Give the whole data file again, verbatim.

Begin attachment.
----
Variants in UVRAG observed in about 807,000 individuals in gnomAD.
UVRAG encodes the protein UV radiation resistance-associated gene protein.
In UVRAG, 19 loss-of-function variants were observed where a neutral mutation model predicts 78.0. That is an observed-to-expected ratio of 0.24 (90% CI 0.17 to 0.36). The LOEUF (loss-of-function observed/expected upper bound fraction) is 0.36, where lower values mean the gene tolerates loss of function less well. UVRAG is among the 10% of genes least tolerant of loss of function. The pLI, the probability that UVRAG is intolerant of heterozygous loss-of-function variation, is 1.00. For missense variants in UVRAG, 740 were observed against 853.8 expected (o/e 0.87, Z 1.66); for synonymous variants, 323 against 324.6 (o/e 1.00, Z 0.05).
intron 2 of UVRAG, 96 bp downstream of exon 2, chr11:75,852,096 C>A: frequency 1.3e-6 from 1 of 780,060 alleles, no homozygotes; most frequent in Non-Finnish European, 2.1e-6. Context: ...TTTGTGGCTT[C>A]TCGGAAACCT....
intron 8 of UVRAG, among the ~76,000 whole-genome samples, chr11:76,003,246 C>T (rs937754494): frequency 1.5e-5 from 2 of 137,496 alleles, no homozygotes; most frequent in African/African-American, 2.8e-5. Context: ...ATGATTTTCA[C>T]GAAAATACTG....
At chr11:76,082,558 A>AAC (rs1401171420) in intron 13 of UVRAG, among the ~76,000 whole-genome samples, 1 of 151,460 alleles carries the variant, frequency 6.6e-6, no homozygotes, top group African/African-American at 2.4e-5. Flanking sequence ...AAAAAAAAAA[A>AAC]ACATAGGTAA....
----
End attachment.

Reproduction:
Variants in UVRAG observed in about 807,000 individuals in gnomAD.
UVRAG encodes the protein UV radiation resistance-associated gene protein.
In UVRAG, 19 loss-of-function variants were observed where a neutral mutation model predicts 78.0. That is an observed-to-expected ratio of 0.24 (90% CI 0.17 to 0.36). The LOEUF (loss-of-function observed/expected upper bound fraction) is 0.36, where lower values mean the gene tolerates loss of function less well. UVRAG is among the 10% of genes least tolerant of loss of function. The pLI, the probability that UVRAG is intolerant of heterozygous loss-of-function variation, is 1.00. For missense variants in UVRAG, 740 were observed against 853.8 expected (o/e 0.87, Z 1.66); for synonymous variants, 323 against 324.6 (o/e 1.00, Z 0.05).
intron 2 of UVRAG, 96 bp downstream of exon 2, chr11:75,852,096 C>A: frequency 1.3e-6 from 1 of 780,060 alleles, no homozygotes; most frequent in Non-Finnish European, 2.1e-6. Context: ...TTTGTGGCTT[C>A]TCGGAAACCT....
intron 8 of UVRAG, among the ~76,000 whole-genome samples, chr11:76,003,246 C>T (rs937754494): frequency 1.5e-5 from 2 of 137,496 alleles, no homozygotes; most frequent in African/African-American, 2.8e-5. Context: ...ATGATTTTCA[C>T]GAAAATACTG....
At chr11:76,082,558 A>AAC (rs1401171420) in intron 13 of UVRAG, among the ~76,000 whole-genome samples, 1 of 151,460 alleles carries the variant, frequency 6.6e-6, no homozygotes, top group African/African-American at 2.4e-5. Flanking sequence ...AAAAAAAAAA[A>AAC]ACATAGGTAA....